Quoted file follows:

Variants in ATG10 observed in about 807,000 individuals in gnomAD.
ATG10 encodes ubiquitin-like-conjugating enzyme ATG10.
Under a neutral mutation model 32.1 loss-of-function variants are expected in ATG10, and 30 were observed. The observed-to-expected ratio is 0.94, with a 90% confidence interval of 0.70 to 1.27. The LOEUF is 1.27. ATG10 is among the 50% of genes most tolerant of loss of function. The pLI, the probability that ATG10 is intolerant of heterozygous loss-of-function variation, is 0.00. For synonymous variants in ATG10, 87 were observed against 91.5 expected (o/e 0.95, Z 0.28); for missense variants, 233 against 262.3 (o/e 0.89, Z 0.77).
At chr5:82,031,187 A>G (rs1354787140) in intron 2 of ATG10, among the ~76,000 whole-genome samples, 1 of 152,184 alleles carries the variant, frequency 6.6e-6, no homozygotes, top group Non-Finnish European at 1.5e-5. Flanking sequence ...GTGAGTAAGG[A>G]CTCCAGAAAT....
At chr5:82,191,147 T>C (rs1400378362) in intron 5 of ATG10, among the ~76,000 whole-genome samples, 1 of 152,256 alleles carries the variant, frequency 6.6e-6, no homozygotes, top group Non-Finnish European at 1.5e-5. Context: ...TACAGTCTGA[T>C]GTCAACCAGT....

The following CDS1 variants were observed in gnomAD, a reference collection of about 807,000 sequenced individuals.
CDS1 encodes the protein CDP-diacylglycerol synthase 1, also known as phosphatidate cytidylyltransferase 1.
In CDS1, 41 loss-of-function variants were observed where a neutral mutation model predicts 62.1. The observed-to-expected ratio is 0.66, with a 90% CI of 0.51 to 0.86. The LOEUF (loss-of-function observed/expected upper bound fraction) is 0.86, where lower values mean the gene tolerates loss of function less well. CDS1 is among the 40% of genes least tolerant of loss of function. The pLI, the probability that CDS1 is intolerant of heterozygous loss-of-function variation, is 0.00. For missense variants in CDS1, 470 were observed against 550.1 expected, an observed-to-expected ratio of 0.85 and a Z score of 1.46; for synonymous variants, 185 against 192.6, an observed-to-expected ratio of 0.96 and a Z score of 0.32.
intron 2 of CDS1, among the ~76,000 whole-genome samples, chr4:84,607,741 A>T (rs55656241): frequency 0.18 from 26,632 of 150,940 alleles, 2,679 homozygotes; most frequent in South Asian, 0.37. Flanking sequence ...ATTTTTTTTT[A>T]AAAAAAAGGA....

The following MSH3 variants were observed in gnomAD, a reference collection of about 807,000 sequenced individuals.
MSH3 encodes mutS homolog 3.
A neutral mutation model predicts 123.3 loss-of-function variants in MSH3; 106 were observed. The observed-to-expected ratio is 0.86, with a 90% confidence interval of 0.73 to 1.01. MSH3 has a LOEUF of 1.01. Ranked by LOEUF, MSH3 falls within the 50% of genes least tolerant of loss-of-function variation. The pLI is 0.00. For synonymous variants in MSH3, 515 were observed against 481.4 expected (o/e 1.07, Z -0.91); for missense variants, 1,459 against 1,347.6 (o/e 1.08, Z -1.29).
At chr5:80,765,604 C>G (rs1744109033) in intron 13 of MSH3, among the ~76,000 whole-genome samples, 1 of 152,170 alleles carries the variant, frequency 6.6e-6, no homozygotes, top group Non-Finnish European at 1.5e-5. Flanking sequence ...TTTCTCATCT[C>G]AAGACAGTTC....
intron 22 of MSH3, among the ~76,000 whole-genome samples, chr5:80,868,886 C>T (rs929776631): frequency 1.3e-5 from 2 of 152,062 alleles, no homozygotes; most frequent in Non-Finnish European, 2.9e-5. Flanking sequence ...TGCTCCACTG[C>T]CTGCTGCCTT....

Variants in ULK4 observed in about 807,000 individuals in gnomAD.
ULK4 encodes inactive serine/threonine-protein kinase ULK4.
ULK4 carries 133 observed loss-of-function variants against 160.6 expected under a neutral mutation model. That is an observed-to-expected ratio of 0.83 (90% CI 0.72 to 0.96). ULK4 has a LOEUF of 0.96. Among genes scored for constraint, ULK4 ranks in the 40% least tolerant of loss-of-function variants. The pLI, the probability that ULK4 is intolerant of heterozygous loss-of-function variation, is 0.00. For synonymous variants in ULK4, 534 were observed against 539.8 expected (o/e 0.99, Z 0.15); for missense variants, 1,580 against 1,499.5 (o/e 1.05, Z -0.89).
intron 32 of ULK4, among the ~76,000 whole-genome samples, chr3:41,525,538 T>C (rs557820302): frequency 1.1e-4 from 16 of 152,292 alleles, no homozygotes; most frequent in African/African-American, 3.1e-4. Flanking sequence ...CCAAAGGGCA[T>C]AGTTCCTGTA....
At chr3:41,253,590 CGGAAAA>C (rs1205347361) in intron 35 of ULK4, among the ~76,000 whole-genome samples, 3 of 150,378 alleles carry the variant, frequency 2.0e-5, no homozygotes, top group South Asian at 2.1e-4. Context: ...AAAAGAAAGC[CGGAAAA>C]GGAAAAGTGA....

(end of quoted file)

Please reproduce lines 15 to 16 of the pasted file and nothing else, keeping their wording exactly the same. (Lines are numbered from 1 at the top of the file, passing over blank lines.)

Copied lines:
Variants in ULK4 observed in about 807,000 individuals in gnomAD.
ULK4 encodes inactive serine/threonine-protein kinase ULK4.